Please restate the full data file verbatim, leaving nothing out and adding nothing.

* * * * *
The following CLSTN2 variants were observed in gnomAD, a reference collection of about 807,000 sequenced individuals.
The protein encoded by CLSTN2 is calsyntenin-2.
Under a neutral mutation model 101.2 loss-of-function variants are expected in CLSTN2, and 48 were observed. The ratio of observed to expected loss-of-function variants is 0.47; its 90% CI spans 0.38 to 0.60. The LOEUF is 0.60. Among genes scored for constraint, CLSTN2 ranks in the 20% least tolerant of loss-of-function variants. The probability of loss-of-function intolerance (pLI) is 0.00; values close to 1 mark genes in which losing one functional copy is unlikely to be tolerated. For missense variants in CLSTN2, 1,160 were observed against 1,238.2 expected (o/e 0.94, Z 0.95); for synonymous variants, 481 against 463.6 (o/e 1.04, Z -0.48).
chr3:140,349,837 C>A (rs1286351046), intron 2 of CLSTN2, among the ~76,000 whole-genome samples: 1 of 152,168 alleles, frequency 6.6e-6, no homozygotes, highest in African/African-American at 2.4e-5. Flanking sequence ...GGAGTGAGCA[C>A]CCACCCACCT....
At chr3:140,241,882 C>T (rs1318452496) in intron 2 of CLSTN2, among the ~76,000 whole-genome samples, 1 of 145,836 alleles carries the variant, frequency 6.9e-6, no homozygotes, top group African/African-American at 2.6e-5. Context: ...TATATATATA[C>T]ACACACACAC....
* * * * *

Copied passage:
The following CLSTN2 variants were observed in gnomAD, a reference collection of about 807,000 sequenced individuals.
The protein encoded by CLSTN2 is calsyntenin-2.
Under a neutral mutation model 101.2 loss-of-function variants are expected in CLSTN2, and 48 were observed. The ratio of observed to expected loss-of-function variants is 0.47; its 90% CI spans 0.38 to 0.60. The LOEUF is 0.60. Among genes scored for constraint, CLSTN2 ranks in the 20% least tolerant of loss-of-function variants. The probability of loss-of-function intolerance (pLI) is 0.00; values close to 1 mark genes in which losing one functional copy is unlikely to be tolerated. For missense variants in CLSTN2, 1,160 were observed against 1,238.2 expected (o/e 0.94, Z 0.95); for synonymous variants, 481 against 463.6 (o/e 1.04, Z -0.48).
chr3:140,349,837 C>A (rs1286351046), intron 2 of CLSTN2, among the ~76,000 whole-genome samples: 1 of 152,168 alleles, frequency 6.6e-6, no homozygotes, highest in African/African-American at 2.4e-5. Flanking sequence ...GGAGTGAGCA[C>A]CCACCCACCT....
At chr3:140,241,882 C>T (rs1318452496) in intron 2 of CLSTN2, among the ~76,000 whole-genome samples, 1 of 145,836 alleles carries the variant, frequency 6.9e-6, no homozygotes, top group African/African-American at 2.6e-5. Context: ...TATATATATA[C>T]ACACACACAC....